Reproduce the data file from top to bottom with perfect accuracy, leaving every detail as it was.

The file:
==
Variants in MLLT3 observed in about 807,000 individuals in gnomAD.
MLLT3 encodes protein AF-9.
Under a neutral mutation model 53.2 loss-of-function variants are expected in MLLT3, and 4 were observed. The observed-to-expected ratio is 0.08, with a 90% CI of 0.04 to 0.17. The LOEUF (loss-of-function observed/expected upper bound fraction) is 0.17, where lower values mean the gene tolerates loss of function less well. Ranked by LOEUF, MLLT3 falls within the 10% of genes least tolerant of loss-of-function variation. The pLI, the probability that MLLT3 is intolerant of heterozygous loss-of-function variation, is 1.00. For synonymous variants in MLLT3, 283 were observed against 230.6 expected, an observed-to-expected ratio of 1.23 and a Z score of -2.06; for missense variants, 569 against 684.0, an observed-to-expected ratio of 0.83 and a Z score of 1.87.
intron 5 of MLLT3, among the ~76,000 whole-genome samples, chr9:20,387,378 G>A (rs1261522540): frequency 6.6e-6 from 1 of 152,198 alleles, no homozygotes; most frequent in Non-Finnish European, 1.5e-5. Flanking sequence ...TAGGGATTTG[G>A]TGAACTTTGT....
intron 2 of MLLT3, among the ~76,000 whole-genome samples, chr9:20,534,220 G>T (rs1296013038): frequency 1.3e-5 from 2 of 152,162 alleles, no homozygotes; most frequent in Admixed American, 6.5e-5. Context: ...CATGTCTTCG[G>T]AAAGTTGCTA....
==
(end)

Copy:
Variants in MLLT3 observed in about 807,000 individuals in gnomAD.
MLLT3 encodes protein AF-9.
Under a neutral mutation model 53.2 loss-of-function variants are expected in MLLT3, and 4 were observed. The observed-to-expected ratio is 0.08, with a 90% CI of 0.04 to 0.17. The LOEUF (loss-of-function observed/expected upper bound fraction) is 0.17, where lower values mean the gene tolerates loss of function less well. Ranked by LOEUF, MLLT3 falls within the 10% of genes least tolerant of loss-of-function variation. The pLI, the probability that MLLT3 is intolerant of heterozygous loss-of-function variation, is 1.00. For synonymous variants in MLLT3, 283 were observed against 230.6 expected, an observed-to-expected ratio of 1.23 and a Z score of -2.06; for missense variants, 569 against 684.0, an observed-to-expected ratio of 0.83 and a Z score of 1.87.
intron 5 of MLLT3, among the ~76,000 whole-genome samples, chr9:20,387,378 G>A (rs1261522540): frequency 6.6e-6 from 1 of 152,198 alleles, no homozygotes; most frequent in Non-Finnish European, 1.5e-5. Flanking sequence ...TAGGGATTTG[G>A]TGAACTTTGT....
intron 2 of MLLT3, among the ~76,000 whole-genome samples, chr9:20,534,220 G>T (rs1296013038): frequency 1.3e-5 from 2 of 152,162 alleles, no homozygotes; most frequent in Admixed American, 6.5e-5. Context: ...CATGTCTTCG[G>T]AAAGTTGCTA....